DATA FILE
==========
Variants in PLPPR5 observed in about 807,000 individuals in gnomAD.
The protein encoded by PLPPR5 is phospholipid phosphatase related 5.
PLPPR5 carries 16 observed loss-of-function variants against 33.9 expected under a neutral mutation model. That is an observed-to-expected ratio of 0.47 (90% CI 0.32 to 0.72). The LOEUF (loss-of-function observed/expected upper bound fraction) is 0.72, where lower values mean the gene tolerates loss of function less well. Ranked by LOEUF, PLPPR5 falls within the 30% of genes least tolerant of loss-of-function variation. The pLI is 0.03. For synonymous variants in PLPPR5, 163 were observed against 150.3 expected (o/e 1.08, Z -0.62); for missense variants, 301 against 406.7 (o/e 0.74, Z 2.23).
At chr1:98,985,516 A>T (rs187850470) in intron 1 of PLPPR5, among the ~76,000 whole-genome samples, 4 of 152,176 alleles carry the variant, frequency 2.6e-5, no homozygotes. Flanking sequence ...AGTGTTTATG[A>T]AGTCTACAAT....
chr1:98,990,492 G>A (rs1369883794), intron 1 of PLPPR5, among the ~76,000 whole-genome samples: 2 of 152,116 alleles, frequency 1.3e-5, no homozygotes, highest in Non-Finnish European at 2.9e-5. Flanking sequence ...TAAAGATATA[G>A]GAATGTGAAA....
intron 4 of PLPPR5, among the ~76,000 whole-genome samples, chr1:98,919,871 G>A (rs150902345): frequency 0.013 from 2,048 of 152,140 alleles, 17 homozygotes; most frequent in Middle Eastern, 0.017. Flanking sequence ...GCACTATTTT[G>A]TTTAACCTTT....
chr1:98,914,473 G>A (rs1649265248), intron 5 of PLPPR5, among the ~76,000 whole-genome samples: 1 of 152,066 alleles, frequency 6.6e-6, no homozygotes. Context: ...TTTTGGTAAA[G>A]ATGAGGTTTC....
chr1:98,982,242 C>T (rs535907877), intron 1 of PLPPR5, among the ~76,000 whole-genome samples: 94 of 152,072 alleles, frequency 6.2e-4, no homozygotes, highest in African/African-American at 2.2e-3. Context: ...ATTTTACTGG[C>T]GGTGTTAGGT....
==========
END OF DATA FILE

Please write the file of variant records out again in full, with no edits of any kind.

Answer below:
Variants in PLPPR5 observed in about 807,000 individuals in gnomAD.
The protein encoded by PLPPR5 is phospholipid phosphatase related 5.
PLPPR5 carries 16 observed loss-of-function variants against 33.9 expected under a neutral mutation model. That is an observed-to-expected ratio of 0.47 (90% CI 0.32 to 0.72). The LOEUF (loss-of-function observed/expected upper bound fraction) is 0.72, where lower values mean the gene tolerates loss of function less well. Ranked by LOEUF, PLPPR5 falls within the 30% of genes least tolerant of loss-of-function variation. The pLI is 0.03. For synonymous variants in PLPPR5, 163 were observed against 150.3 expected (o/e 1.08, Z -0.62); for missense variants, 301 against 406.7 (o/e 0.74, Z 2.23).
At chr1:98,985,516 A>T (rs187850470) in intron 1 of PLPPR5, among the ~76,000 whole-genome samples, 4 of 152,176 alleles carry the variant, frequency 2.6e-5, no homozygotes. Flanking sequence ...AGTGTTTATG[A>T]AGTCTACAAT....
chr1:98,990,492 G>A (rs1369883794), intron 1 of PLPPR5, among the ~76,000 whole-genome samples: 2 of 152,116 alleles, frequency 1.3e-5, no homozygotes, highest in Non-Finnish European at 2.9e-5. Flanking sequence ...TAAAGATATA[G>A]GAATGTGAAA....
intron 4 of PLPPR5, among the ~76,000 whole-genome samples, chr1:98,919,871 G>A (rs150902345): frequency 0.013 from 2,048 of 152,140 alleles, 17 homozygotes; most frequent in Middle Eastern, 0.017. Flanking sequence ...GCACTATTTT[G>A]TTTAACCTTT....
chr1:98,914,473 G>A (rs1649265248), intron 5 of PLPPR5, among the ~76,000 whole-genome samples: 1 of 152,066 alleles, frequency 6.6e-6, no homozygotes. Context: ...TTTTGGTAAA[G>A]ATGAGGTTTC....
chr1:98,982,242 C>T (rs535907877), intron 1 of PLPPR5, among the ~76,000 whole-genome samples: 94 of 152,072 alleles, frequency 6.2e-4, no homozygotes, highest in African/African-American at 2.2e-3. Context: ...ATTTTACTGG[C>T]GGTGTTAGGT....